Four corners writing activity middle school

If that is the case, at this point in the activity give students an opportunity to change corners.

Four corners strategy in math

When to Use Use Four Corners at any point in the lesson to structure meaningful conversation: Before introducing new material to tap into prior knowledge After watching a debatable film clip to gauge a reaction After reading a short text to begin a discussion In the middle of direct teach to help students process information When students are in need of movement As a test review after a unit of study Variations A-B-C-D For a test review, place A, B, C, or D in each corner. As an alternative, you might choose to make a statement about a controversy in the news or about an issue of interest to people in your area. Why or Why not? This activity elicits the participation of all students by requiring everyone to take a position. Then provide time for peer reaction. Explain that while there is no "right" or "wrong" answer, they may be called on individually to explain their reason for the choices: Strongly agree Disagree Strongly disagree Students will move to the poster that best expresses their opinions. It is quite possible that some students will be more confused or uncertain about their views after the Four Corners debate. There may be four groups evenly gathered in different corners of the classroom or you may have all students standing under one poster. Kids younger than 18 should be able to make their own decisions about whether to get a body piercing. In each corner, students form groups of two or three to discuss the reasons for selecting a particular choice. The number of students gathered under one of the posters will not matter. Commit to a Corner Ask students to gather in the corner of the room that corresponds to their choice. Provide time for students to read aloud their papers. Register Now or Sign In!

Provide time for students to read aloud their papers. Use sticky notes: As a twist on this strategy, rather than use a note taker, give all students a sticky note for them to record their opinion. Then ask students if they strongly agree, disagree, or strongly disagree with the statement.

four corners agree disagree questions

Before beginning the discussion, remind students about norms for having a respectful, open discussion of ideas. Have students move to the corner that best represents their opinion after they have more information.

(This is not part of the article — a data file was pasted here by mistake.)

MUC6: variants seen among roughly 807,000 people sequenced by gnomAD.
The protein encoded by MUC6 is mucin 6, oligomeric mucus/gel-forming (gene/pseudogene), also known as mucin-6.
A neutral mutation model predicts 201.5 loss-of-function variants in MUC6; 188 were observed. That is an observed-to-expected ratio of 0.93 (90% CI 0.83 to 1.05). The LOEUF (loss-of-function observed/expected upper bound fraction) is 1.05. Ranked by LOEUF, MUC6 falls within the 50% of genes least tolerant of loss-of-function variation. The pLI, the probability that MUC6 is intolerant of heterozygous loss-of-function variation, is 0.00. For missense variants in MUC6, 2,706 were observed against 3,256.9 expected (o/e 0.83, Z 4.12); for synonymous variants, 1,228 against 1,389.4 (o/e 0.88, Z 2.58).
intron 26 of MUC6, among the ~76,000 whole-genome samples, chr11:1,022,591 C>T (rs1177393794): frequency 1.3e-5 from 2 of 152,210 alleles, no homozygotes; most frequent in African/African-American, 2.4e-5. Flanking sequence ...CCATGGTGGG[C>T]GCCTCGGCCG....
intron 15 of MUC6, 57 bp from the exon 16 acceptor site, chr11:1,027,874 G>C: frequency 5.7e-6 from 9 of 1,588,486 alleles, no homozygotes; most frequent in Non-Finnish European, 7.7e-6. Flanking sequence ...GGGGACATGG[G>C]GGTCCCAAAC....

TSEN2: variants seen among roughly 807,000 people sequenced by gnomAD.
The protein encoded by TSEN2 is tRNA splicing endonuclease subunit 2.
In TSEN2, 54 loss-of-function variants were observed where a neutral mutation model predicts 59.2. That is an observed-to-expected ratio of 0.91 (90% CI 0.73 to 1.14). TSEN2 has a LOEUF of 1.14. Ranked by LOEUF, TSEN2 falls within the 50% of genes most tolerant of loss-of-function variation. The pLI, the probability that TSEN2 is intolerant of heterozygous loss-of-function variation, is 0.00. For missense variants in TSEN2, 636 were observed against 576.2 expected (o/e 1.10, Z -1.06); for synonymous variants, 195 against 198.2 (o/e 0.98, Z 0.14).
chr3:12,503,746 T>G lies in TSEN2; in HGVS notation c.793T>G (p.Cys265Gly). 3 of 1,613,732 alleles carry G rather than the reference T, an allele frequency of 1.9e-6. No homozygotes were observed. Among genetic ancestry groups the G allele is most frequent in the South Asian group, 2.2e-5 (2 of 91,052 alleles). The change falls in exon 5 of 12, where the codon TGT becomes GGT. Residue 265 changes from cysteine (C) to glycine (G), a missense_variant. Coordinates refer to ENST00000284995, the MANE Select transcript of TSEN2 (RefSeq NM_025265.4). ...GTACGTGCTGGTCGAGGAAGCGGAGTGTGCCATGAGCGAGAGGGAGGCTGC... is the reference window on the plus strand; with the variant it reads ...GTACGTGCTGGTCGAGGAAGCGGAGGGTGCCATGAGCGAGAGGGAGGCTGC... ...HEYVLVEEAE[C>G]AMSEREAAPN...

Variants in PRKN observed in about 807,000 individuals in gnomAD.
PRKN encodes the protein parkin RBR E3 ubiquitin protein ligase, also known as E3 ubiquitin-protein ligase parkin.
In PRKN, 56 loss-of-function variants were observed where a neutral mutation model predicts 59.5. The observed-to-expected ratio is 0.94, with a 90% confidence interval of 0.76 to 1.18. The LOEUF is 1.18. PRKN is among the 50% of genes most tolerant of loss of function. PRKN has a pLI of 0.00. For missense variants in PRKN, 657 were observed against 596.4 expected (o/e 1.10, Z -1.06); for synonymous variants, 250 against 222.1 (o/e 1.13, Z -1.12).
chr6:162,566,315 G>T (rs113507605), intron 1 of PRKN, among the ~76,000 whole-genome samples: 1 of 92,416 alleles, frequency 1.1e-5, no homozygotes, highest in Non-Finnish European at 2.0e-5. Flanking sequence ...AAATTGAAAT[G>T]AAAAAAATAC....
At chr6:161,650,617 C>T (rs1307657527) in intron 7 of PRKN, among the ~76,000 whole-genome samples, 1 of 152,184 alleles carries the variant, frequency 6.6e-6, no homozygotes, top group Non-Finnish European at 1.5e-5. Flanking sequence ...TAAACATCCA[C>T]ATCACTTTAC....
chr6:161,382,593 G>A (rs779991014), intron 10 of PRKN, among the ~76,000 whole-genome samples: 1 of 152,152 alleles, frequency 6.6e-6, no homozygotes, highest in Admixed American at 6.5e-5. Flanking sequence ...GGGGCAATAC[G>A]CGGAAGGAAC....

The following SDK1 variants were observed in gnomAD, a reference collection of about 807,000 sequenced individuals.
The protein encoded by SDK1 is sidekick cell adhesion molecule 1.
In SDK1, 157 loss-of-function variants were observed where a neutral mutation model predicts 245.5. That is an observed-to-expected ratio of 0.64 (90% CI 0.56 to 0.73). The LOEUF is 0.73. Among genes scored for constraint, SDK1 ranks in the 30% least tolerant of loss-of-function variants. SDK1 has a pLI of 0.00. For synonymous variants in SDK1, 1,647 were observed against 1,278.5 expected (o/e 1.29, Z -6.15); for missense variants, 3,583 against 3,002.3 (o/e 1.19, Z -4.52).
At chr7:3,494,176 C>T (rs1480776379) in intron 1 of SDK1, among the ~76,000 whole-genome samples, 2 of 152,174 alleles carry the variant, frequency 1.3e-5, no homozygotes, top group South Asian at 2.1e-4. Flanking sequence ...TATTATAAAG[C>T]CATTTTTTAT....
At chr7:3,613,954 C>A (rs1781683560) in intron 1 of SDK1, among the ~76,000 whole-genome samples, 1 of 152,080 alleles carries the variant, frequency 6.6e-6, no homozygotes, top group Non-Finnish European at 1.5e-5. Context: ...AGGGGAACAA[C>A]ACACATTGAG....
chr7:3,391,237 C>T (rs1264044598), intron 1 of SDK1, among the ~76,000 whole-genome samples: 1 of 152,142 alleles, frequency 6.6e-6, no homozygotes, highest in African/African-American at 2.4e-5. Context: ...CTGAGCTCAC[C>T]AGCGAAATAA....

Use this as a warm-up activity by asking students to respond to a statement about a topic they will be studying.

agree disagree activity statements

Beauty is only skin deep. Have them self reflect on the following questions: Have they changed opinions?

Four corners cooperative learning strategy

At the end of the discussion time, each student uses those notes to write a concise paragraph stating his or her position on the issue. If there are a large number of students under one corner, break students into smaller groups under the opinion statement and have several notetakers. It is quite possible that some students will be more confused or uncertain about their views after the Four Corners debate. Encourage students to switch corners if someone presents an idea that causes a change of mind. Have the notetaker for a group record the reasons on a piece of chart paper so they are visible to all. Education World has collected a handful of Web sites that make good sources of timely, high-interest debate topics in the classroom. When to Use Use Four Corners at any point in the lesson to structure meaningful conversation: Before introducing new material to tap into prior knowledge After watching a debatable film clip to gauge a reaction After reading a short text to begin a discussion In the middle of direct teach to help students process information When students are in need of movement As a test review after a unit of study Variations A-B-C-D For a test review, place A, B, C, or D in each corner. Watch Elementary 2 My Notes If you register with our site, you can create your personal notes for each tool. Groups share out their reasoning, and then students are allowed to change their corner after hearing the reasoning of each corner. Then have students write a position paper on the statement they have the strongest feelings about. While uncertainty can feel uncomfortable, it is an important part of the understanding process and represents an authentic wrestling with moral questions that have no clear right or wrong answers.
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Engage Students With a Four Corners Debate